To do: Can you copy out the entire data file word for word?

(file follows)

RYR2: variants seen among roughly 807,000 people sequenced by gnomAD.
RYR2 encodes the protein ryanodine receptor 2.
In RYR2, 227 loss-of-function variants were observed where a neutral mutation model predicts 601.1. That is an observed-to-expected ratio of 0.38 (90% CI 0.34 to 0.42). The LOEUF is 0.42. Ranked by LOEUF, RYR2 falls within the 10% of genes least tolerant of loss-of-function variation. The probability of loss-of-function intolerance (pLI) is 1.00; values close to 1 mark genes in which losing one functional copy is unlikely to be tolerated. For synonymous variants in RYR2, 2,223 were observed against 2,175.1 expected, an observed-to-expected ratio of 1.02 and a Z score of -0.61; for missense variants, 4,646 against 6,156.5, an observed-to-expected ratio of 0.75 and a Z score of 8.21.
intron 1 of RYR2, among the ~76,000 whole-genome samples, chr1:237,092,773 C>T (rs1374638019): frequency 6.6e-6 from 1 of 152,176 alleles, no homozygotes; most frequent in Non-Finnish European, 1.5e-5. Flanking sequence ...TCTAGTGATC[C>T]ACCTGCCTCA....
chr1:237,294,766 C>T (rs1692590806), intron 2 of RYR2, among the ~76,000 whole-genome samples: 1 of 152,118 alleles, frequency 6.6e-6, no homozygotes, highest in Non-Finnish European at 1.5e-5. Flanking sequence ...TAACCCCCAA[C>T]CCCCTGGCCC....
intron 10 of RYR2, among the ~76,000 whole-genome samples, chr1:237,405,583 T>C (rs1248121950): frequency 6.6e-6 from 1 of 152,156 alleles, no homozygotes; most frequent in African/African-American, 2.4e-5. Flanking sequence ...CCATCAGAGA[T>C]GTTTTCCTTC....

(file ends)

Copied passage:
RYR2: variants seen among roughly 807,000 people sequenced by gnomAD.
RYR2 encodes the protein ryanodine receptor 2.
In RYR2, 227 loss-of-function variants were observed where a neutral mutation model predicts 601.1. That is an observed-to-expected ratio of 0.38 (90% CI 0.34 to 0.42). The LOEUF is 0.42. Ranked by LOEUF, RYR2 falls within the 10% of genes least tolerant of loss-of-function variation. The probability of loss-of-function intolerance (pLI) is 1.00; values close to 1 mark genes in which losing one functional copy is unlikely to be tolerated. For synonymous variants in RYR2, 2,223 were observed against 2,175.1 expected, an observed-to-expected ratio of 1.02 and a Z score of -0.61; for missense variants, 4,646 against 6,156.5, an observed-to-expected ratio of 0.75 and a Z score of 8.21.
intron 1 of RYR2, among the ~76,000 whole-genome samples, chr1:237,092,773 C>T (rs1374638019): frequency 6.6e-6 from 1 of 152,176 alleles, no homozygotes; most frequent in Non-Finnish European, 1.5e-5. Flanking sequence ...TCTAGTGATC[C>T]ACCTGCCTCA....
chr1:237,294,766 C>T (rs1692590806), intron 2 of RYR2, among the ~76,000 whole-genome samples: 1 of 152,118 alleles, frequency 6.6e-6, no homozygotes, highest in Non-Finnish European at 1.5e-5. Flanking sequence ...TAACCCCCAA[C>T]CCCCTGGCCC....
intron 10 of RYR2, among the ~76,000 whole-genome samples, chr1:237,405,583 T>C (rs1248121950): frequency 6.6e-6 from 1 of 152,156 alleles, no homozygotes; most frequent in African/African-American, 2.4e-5. Flanking sequence ...CCATCAGAGA[T>C]GTTTTCCTTC....